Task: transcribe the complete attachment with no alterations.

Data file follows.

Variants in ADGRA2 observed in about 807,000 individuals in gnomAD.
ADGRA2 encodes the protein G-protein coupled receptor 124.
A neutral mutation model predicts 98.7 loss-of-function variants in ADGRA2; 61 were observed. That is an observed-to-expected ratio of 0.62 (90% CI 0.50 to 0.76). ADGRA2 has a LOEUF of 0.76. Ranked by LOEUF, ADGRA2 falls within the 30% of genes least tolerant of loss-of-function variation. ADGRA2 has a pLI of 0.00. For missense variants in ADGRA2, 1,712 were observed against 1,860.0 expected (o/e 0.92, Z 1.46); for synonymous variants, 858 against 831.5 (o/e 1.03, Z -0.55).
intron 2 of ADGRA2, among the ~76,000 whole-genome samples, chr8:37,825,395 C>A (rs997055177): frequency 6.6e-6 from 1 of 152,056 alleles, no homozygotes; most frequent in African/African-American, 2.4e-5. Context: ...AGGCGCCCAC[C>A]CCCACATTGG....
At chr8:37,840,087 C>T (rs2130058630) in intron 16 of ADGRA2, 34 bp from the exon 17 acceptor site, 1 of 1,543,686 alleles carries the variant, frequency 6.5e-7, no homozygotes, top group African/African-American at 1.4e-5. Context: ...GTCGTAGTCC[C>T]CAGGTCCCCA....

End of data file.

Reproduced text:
Variants in ADGRA2 observed in about 807,000 individuals in gnomAD.
ADGRA2 encodes the protein G-protein coupled receptor 124.
A neutral mutation model predicts 98.7 loss-of-function variants in ADGRA2; 61 were observed. That is an observed-to-expected ratio of 0.62 (90% CI 0.50 to 0.76). ADGRA2 has a LOEUF of 0.76. Ranked by LOEUF, ADGRA2 falls within the 30% of genes least tolerant of loss-of-function variation. ADGRA2 has a pLI of 0.00. For missense variants in ADGRA2, 1,712 were observed against 1,860.0 expected (o/e 0.92, Z 1.46); for synonymous variants, 858 against 831.5 (o/e 1.03, Z -0.55).
intron 2 of ADGRA2, among the ~76,000 whole-genome samples, chr8:37,825,395 C>A (rs997055177): frequency 6.6e-6 from 1 of 152,056 alleles, no homozygotes; most frequent in African/African-American, 2.4e-5. Context: ...AGGCGCCCAC[C>A]CCCACATTGG....
At chr8:37,840,087 C>T (rs2130058630) in intron 16 of ADGRA2, 34 bp from the exon 17 acceptor site, 1 of 1,543,686 alleles carries the variant, frequency 6.5e-7, no homozygotes, top group African/African-American at 1.4e-5. Context: ...GTCGTAGTCC[C>T]CAGGTCCCCA....